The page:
Heidi Grunebaum is acting director at the Centre for Humanities Research, University of Western Cape, where she leads the research platform on Aesthetics and Politics and convenes the Factory of the Arts. Grunebaum’s work examines aesthetics in response to the afterlives of genocide and mass violence and on the Holocaust, apartheid and the Palestine Nakba, in particular. Her research interests include critical memory studies, genocide studies, aesthetics and politics, and postcolonial theory. She is the author of Memorialising the Past: Everyday Life in South Africa after the Truth and Reconciliation Commission, co-editor of Uncontained: Opening the Community Arts Project Archive and of the award-winning exhibition book Athlone in Mind. With Mark J. Kaplan she made the award-winning documentary film The Village Under the Forest. She is currently working on a book manuscript on nonpartitioned aesthetics and on a new film on racism and Jewish memory politics in contemporary Germany.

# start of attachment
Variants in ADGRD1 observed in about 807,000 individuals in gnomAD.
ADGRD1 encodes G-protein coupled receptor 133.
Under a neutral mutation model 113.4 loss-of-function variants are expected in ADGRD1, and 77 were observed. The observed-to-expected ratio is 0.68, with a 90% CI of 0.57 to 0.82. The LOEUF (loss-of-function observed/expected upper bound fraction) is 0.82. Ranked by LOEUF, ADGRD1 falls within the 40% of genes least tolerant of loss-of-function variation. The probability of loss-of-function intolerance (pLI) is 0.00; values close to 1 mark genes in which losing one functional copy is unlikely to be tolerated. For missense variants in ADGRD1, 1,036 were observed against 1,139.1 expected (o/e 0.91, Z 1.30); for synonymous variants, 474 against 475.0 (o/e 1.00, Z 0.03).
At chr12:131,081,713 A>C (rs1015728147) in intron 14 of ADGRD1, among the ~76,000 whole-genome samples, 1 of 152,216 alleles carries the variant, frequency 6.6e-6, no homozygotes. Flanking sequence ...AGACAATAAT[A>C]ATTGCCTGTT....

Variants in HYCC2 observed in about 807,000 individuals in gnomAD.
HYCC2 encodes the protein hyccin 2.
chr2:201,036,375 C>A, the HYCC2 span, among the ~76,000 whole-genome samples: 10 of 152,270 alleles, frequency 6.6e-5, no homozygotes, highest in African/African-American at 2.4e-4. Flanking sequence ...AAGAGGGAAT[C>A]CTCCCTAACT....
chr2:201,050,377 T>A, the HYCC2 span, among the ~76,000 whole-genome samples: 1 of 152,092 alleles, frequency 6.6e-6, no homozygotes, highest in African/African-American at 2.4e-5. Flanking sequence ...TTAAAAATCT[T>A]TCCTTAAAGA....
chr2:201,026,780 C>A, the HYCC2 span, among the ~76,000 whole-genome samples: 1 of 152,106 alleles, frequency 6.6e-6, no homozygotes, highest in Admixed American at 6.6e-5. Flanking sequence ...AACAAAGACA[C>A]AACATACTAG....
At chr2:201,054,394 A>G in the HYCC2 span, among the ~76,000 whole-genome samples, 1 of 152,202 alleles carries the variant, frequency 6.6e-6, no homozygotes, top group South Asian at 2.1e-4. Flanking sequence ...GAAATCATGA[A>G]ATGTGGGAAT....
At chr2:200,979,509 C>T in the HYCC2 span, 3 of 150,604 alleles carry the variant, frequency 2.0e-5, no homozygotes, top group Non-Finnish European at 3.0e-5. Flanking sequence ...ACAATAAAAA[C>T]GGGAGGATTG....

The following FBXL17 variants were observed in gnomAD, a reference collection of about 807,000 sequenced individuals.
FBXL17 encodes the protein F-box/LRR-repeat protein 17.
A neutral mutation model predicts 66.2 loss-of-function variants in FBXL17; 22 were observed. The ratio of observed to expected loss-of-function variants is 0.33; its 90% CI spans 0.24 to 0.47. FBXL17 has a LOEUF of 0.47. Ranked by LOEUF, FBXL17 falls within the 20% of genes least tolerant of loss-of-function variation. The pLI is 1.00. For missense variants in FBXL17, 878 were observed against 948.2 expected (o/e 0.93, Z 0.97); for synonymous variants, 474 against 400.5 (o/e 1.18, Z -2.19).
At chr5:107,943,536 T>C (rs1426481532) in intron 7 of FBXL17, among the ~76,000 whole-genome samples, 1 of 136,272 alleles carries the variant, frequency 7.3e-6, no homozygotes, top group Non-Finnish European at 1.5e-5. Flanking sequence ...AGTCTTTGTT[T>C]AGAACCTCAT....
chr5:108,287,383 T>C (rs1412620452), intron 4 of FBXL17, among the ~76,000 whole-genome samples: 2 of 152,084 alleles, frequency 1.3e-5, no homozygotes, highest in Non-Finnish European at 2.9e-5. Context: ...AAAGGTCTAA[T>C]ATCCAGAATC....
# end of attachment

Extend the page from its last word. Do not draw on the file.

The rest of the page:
If modern Zionism grew out of and in response to the failure of 'assimilation' and Jewish belonging in Europe, it assumed its full political force in the establishment of the Jewish state at the end of WWII with far-reaching consequences. To read the making of a Jewish ethnonational state in historic Palestine is to trace the convergence of the epistemological inheritance of Europe's racialised, gendered concept of 'the human', the shadow of the Shoah, the twilight of Europe's colonial and settler colonial enterprises across the planet, and support for a partitionist paradigm by the political superpowers reconfigured in the post-WWII geopolitics of the 'Cold War'. In my lecture, I outline an itinerary of this convergence in Israel/Palestine in order to address the implications of 'partitionist' thought within a longer historical arc and epistemological trajectory of race-thinking. I argue that the convergence of the historical, epistemological and political inheritances that I trace in relation to Israel/Palestine is of significance beyond its geopolitical territory. The historical convergence is tied to the current global conjuncture in which the rise of white ethnonationalist right-wing populisms across the world is witness to the return of the 'minority' as 'existential threat' reprised through the figure of 'refugees', Blacks, (non-Zionist) Jews, Arabs, Muslims and gender non-binary people. Following a number of anticolonial thinkers and postcolonial theorists, I sketch the contours of disavowed non-essentialist emancipatory itineraries to think of the question of Israel/Palestine as a questioning of partition/separation/exclusion for the contemporary moment more broadly. Finally, I propose that through a 'postcolonial aesthetic education', non-national/anti-nationalist modes of 'mnemonic solidarity' might offer a method to reconfigure partition and the race-thinking by which partition is underpinned.